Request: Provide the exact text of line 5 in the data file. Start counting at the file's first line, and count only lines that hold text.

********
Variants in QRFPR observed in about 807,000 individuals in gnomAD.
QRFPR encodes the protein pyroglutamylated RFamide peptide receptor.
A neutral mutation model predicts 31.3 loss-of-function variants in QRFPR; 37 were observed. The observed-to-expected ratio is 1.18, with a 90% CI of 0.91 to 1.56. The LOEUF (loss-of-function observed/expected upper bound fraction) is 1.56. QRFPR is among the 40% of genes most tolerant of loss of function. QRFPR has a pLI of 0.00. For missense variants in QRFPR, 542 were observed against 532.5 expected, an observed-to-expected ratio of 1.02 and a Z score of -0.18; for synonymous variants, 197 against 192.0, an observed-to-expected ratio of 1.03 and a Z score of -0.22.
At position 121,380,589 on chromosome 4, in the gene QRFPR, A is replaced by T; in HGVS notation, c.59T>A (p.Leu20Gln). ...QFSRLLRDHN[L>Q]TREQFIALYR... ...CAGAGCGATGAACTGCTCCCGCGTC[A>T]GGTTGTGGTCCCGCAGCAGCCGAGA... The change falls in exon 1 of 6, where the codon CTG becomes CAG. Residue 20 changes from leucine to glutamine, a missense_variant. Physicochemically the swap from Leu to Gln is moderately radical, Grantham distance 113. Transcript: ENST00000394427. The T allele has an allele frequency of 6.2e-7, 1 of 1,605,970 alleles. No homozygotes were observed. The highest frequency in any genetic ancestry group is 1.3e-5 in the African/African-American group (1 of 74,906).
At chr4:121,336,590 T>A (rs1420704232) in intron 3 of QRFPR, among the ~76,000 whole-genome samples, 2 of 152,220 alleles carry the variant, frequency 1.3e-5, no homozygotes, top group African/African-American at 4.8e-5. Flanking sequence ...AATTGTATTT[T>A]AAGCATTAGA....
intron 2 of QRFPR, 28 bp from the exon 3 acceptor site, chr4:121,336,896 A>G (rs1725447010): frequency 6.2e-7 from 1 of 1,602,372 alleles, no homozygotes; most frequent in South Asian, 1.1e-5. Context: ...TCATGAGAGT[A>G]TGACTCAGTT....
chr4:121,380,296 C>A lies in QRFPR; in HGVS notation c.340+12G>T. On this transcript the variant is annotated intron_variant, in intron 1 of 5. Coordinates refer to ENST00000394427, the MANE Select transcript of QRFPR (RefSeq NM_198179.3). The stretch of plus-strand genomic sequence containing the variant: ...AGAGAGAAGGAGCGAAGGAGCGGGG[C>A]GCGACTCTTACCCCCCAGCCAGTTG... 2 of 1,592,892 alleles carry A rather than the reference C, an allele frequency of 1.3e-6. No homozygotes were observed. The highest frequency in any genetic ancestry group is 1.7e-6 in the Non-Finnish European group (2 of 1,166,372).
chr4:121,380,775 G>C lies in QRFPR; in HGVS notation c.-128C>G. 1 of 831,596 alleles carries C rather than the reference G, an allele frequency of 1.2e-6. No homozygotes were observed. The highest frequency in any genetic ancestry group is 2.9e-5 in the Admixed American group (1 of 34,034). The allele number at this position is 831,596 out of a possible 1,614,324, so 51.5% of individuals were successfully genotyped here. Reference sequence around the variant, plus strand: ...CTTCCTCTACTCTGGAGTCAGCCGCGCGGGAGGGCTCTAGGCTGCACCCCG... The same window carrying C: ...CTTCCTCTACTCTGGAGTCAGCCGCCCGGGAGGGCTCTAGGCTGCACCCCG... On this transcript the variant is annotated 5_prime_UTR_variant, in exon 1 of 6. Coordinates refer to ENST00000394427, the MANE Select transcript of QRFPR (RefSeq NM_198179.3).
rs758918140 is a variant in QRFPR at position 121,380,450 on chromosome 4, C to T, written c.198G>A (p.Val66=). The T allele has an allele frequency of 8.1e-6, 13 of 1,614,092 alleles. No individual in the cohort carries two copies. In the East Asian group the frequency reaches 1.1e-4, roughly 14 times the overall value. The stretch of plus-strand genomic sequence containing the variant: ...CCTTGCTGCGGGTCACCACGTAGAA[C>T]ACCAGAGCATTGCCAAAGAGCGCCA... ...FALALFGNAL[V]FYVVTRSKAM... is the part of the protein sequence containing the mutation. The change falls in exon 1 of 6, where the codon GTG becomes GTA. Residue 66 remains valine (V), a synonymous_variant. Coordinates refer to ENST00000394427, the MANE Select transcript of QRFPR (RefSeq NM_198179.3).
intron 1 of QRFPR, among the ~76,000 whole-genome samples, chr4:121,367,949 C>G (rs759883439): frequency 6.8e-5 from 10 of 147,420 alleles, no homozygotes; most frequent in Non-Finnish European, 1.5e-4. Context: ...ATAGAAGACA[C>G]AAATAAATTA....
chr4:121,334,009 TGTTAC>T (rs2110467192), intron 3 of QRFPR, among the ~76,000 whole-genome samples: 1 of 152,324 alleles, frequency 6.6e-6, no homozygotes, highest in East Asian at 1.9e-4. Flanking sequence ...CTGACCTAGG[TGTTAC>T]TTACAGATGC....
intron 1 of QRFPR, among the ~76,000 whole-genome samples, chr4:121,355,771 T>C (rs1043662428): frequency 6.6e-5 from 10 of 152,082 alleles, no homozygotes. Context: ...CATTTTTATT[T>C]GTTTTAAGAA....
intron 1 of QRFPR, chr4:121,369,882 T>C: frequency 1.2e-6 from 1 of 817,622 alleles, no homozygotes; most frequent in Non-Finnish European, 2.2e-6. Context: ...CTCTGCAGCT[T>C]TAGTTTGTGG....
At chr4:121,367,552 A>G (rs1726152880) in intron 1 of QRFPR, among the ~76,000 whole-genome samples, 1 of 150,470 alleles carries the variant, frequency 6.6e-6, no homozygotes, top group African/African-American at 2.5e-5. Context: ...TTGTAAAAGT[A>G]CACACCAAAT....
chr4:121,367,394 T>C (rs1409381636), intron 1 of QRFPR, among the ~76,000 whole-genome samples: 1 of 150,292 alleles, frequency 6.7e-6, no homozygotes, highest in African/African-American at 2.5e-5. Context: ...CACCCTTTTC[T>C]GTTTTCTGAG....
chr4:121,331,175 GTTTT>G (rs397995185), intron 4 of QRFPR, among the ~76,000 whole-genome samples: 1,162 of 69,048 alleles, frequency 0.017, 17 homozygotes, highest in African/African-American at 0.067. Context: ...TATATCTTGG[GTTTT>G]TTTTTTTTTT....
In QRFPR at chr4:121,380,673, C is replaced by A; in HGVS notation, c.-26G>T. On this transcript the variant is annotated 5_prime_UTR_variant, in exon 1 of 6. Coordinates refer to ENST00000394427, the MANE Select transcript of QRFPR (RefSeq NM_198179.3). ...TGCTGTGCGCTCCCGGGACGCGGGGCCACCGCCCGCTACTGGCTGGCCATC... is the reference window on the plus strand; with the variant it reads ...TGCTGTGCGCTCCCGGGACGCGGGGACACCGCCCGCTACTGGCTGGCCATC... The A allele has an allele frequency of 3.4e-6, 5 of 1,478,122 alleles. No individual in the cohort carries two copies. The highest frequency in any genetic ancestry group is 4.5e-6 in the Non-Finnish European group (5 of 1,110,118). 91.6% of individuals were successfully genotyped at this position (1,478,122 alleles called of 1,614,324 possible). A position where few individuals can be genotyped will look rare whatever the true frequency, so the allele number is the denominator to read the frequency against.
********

At chr4:121,336,590 T>A (rs1420704232) in intron 3 of QRFPR, among the ~76,000 whole-genome samples, 2 of 152,220 alleles carry the variant, frequency 1.3e-5, no homozygotes, top group African/African-American at 4.8e-5. Flanking sequence ...AATTGTATTT[T>A]AAGCATTAGA....